Controlling Image Color by Going Monochrome

by | Sep 23, 2019

Today’s Post by Joe Farace

One of the easiest ways to remove color shifts in a photograph is to just eliminate the color! OK, maybe you think that’s cheating but sometimes a monochrome image is just what you need to focus the attention on the real subject and not its color. And monochrome doesn’t have to mean black & white. One of monochrome’s definition is that it’s “a picture done in different shades of a single color,” which in the photo world usually means toning. (Maybe hand coloring?)

Here’s one way to produce a monochrome image: I took a color image and transformed it into something more interesting, at least I hope that’s the case. The original unretouched SOOC JPEG portrait of Shea is at left. It was made using a Canon EOS 50D and EF 28-105mm f/3.5-4.5 lens. Exposure was 1/100 sec at f/6.3 and ISO 200. The EXIF data shows that flash was used but other than a tiny catchlight in the subject’s eyes, there appears to be no other effect of using flash.

Below right, I used Photoshop’s Selection tool along with Copy and Paste to rotate the model’s head to make it more square to the camera. Then I cropped the overall photograph into a shape to match the cover format for my glamour photography book; the publisher had other ideas, see below.






Then the image was retouched using Photoshop’s Clone, Healing Brush and underutilized Dodge and Burn tools. Once you start retouching, especially at higher magnifications, you begin see little details that you want to improve but sooner or later you have to quit.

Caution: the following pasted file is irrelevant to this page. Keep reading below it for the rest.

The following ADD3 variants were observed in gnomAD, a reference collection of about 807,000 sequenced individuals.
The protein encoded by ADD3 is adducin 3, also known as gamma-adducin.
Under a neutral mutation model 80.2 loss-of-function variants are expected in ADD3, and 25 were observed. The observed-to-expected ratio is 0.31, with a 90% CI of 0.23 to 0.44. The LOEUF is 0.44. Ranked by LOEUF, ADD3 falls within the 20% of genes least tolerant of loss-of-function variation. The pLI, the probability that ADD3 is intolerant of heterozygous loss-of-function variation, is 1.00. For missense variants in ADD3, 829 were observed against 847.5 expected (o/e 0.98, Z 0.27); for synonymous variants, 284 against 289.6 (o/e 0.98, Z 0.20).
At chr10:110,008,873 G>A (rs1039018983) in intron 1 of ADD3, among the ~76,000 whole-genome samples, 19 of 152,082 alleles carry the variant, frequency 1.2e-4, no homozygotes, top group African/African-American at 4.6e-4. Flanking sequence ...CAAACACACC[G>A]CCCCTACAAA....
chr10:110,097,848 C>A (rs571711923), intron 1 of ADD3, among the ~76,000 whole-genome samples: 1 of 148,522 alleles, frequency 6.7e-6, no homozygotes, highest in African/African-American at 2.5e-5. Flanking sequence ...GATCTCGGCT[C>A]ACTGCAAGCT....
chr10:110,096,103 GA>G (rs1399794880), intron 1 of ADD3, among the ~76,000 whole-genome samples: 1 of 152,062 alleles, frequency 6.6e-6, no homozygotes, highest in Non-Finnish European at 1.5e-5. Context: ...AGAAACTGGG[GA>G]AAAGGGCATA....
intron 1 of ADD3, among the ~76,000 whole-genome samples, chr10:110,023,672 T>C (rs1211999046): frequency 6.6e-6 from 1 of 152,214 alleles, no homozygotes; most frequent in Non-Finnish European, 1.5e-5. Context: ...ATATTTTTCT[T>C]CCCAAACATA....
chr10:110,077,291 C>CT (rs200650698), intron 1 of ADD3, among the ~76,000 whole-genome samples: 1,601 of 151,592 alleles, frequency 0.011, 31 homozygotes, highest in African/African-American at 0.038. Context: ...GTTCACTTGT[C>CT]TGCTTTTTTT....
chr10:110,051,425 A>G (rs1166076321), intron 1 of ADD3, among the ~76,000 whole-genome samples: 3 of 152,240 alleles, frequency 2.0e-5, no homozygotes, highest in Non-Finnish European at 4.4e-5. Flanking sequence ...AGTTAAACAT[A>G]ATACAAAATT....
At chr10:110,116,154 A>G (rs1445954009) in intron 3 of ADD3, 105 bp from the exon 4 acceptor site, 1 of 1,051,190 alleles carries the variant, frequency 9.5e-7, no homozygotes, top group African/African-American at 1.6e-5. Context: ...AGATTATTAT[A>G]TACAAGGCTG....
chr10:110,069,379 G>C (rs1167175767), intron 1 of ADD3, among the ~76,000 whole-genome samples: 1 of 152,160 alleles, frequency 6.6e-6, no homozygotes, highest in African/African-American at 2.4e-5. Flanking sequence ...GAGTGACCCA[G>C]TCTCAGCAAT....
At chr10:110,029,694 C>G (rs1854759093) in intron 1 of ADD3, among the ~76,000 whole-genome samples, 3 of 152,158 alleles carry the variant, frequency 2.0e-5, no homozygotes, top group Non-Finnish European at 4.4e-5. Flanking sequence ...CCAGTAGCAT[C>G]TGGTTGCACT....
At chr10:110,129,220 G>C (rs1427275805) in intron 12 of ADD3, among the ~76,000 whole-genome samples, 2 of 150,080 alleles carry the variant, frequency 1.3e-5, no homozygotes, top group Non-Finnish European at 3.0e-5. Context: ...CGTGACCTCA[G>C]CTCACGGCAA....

Tip: I have a 20-minute rule: If the finished photograph isn’t the way I want it to look after 20 minutes, it’s never going to satisfy me so I start again with another image.



Next, I converted the photograph into black and white using Silver Efex Pro, which created the first layer (working from bottom to top.) Then I applied the Color Stylizer filter that’s part of Color Efex Pro. This was followed up with the Glamour Glow filter that’s part of the Color Efex Pro too.

Because all of the effects were applied to different layers, you can vary the intensity of each one to produce the desired effect by using the Opacity control in the Layers palette. I then turned off the Background (color) layer because I only wanted to use the monochrome version as the basis of the final image.

In the final portrait, the subject’s red hair and color outfit have been subdued allowing the viewer to focus on her face. For more information about some of my techniques check out this post and here’s another. Better yet pick up my glamour photography book with used copies selling on Amazon for less than three bucks.

If you enjoyed today’s blog post and would like to buy Joe a cup of Earl Grey tea ($2.50), click here. And if you do, thanks so much.


Joe Farace’s Glamour Photography is full of tips, tools and techniques for glamour and boudoir photography with new copies available from Amazon for $27.43, as I write this. Used copies start at $2.49 and the Kindle version is only $11.99 for those who prefer a digital format.